1534 – Hosokawa Fujitaka (also known as Hosokawa Yusai), Japanese writer and poet.
1625 – Filippo Baldinucci, Italian writer, historian, art historian, biographer, painter, and politician.
1771 – Sydney Smith, English wit, writer, lecturer, editor, and Anglican cleric who was known to American homemakers through his rhyming recipe for salad dressing.
1793 – Antoni Malczewski, Polish romantic poet who was well known not just for his work but for his scandalous relationship with a mentally ill, married woman.
1799 – Elisabetta Fiorini Mazzanti, Italian writer, botanist, and mycologist who was known for her work in bryology and algae; in scientific literature, she is referred to by the abbreviation Fior.-Mazz.
1809 – Margaret Gatty, British writer, naturalist, botanist, children’s writer, and scientific illustrator who wrote about marine biology.
1837 – Perch Proshian, Armenian writer, poet, novelist, and educator.
1851 – Kazimir Stanislavovich Barantsevich, Russian writer and poet who also used the pseudonym Sarmat.
1863 – Clotilde Augusta Inez Mary Graves (often known as Clo Graves), Anglo-Irish author and playwright who wrote under the pseudonym Richard Dehan
1864 – John Mensah Sarbah, Gold Coast (now Ghana) writer, lawyer, and political leader who co-founded the Aborigines’ Rights Protection Society and was a strong proponent of secondary education.
1876 – Elinore Pruitt Stewart, U.S. memoirist who wrote about her life as a homesteader in Wyoming; the movie Heartland was based on her writings.
1876 – José Palma y Velásquez, Filipino poet and soldier who is well known for “Filipinas,” a patriotic poem in Spanish that is used with the instrumental tune “Marcha Nacional Filipina” by Julián Felipe as the basis for the Philippine National Anthem.
1879 – Alla Nazimova, Russian (Crimean) author, screenwriter, producer, and actor who relocated to the U.S.; she is credited with originating the phrase “sewing circle” as a discreet code for lesbian or bisexual actresses.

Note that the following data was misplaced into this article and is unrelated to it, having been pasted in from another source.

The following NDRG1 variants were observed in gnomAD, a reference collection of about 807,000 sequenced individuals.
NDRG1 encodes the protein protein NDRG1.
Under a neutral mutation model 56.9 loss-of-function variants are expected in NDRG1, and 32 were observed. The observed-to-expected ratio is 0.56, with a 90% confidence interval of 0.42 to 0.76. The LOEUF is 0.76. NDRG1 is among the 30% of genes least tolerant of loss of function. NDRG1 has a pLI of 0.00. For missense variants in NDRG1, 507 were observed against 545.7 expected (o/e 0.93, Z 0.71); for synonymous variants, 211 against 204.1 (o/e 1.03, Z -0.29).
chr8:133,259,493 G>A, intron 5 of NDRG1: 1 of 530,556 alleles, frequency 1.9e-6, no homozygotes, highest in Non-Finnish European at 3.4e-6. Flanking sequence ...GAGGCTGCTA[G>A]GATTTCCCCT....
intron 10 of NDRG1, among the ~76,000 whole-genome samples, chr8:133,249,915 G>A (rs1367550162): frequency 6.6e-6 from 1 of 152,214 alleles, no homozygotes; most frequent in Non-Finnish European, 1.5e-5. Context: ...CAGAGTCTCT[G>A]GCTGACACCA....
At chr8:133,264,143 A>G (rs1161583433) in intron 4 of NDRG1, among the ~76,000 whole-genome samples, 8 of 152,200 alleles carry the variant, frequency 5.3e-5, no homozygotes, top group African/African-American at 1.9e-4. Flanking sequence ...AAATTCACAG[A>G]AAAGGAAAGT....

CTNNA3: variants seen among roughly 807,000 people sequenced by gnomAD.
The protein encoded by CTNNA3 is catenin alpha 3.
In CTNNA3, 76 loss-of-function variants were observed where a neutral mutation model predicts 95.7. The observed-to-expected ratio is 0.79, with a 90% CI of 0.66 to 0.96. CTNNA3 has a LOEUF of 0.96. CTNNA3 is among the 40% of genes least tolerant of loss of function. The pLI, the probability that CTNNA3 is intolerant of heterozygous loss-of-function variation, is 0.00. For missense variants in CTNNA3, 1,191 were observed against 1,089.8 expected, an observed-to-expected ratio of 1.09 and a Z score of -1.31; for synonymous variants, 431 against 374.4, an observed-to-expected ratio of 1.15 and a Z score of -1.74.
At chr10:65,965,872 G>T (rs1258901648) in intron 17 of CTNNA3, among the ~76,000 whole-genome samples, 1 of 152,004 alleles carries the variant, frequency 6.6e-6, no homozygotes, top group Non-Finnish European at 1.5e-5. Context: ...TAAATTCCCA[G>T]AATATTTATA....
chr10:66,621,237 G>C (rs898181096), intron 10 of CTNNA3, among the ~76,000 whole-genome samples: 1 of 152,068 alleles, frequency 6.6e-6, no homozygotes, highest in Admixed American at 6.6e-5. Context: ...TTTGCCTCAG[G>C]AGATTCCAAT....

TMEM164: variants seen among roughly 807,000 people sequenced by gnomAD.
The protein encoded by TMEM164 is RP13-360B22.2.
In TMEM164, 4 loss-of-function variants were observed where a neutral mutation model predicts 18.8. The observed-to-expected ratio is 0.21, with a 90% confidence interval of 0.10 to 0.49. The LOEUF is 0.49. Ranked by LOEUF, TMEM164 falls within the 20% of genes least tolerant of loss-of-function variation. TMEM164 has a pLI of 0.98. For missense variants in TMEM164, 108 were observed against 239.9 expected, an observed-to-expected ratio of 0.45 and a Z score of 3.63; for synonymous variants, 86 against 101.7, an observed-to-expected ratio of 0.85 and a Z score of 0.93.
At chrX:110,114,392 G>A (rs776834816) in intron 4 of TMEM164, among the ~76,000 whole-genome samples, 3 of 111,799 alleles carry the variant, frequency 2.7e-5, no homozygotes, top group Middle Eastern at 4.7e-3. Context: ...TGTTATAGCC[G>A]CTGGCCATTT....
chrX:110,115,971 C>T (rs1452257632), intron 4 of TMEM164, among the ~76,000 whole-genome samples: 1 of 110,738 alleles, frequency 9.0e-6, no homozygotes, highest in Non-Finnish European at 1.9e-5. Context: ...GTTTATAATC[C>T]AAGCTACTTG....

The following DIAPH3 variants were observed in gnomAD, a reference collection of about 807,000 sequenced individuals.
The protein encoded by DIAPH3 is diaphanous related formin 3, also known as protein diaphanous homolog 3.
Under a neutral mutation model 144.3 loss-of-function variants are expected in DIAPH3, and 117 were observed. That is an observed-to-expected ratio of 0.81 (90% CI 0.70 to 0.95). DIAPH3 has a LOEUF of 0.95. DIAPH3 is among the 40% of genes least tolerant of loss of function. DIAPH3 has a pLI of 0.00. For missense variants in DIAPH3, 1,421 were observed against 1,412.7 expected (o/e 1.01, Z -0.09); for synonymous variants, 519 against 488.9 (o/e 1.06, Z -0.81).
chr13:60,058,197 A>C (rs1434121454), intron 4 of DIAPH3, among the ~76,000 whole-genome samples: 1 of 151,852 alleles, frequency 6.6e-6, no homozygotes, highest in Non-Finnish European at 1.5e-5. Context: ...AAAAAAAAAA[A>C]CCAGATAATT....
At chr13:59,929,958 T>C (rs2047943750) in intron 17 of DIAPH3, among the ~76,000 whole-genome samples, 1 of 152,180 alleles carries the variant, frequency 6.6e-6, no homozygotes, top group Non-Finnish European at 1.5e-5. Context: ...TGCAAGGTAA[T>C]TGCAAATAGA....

1881 – Đạm Phương, Vietnamese poet, writer, teacher, social activist, and journalist who was known as “the learnt woman.”
1881 – Valentine Thomson, French writer, playwright, women’s rights activist, and philanthropist.
1885 – Syed Muhammed Taifoor, Indian Bangladeshi historian and writer.
1887 – Guðrún Baldvina Árnadóttir (known as Guðrún frá Lundi), Icelandic novelist and poet; her stories tend to have rural settings and deal with the lives of the kind of farming community where she grew up.
1893 – Elena Torres Cuéllar, leading Mexican revolutionary, feminist, progressive educator, and writer.
1894 – Elli Alexiou, Greek novelist, short-story writer, translator, playwright, author, university teacher, and journalist.
1895 – Robert Hillyer, Pulitzer Prize-winning U.S. poet and professor who was identified with the Harvard Aesthetes group of poets.
1898 – Rosa Clotilde Chacel Arimón, Spanish writer, poet, and translator whose feminist beliefs sparked controversy.
1913 – Pedro Mir, Dominican poet and writer who was Poet Laureate of the Dominican Republic.
1926 – Allen Ginsberg, U.S. poet, activist, and social critic who, along with William S. Burroughs and Jack Kerouac, was one of the leading figures in the Beat Generation; he was a National Book Award winner and Pulitzer Prize finalist.
1930 – Marion Zimmer Bradley, U.S. author of fantasy, historical fantasy, science fiction, and science fantasy novels, and is best known for the Arthurian fiction novel The Mists of Avalon, and the Darkover series; many of her works have feminist themes. She was also a founder of the Society for Creative Anachronism.
1931 – June Campbell Cramer (better known as Lady June), English painter, poet, and musician who was associated with the Canterbury scene and was described as “a great British eccentric and cosmic prankster.”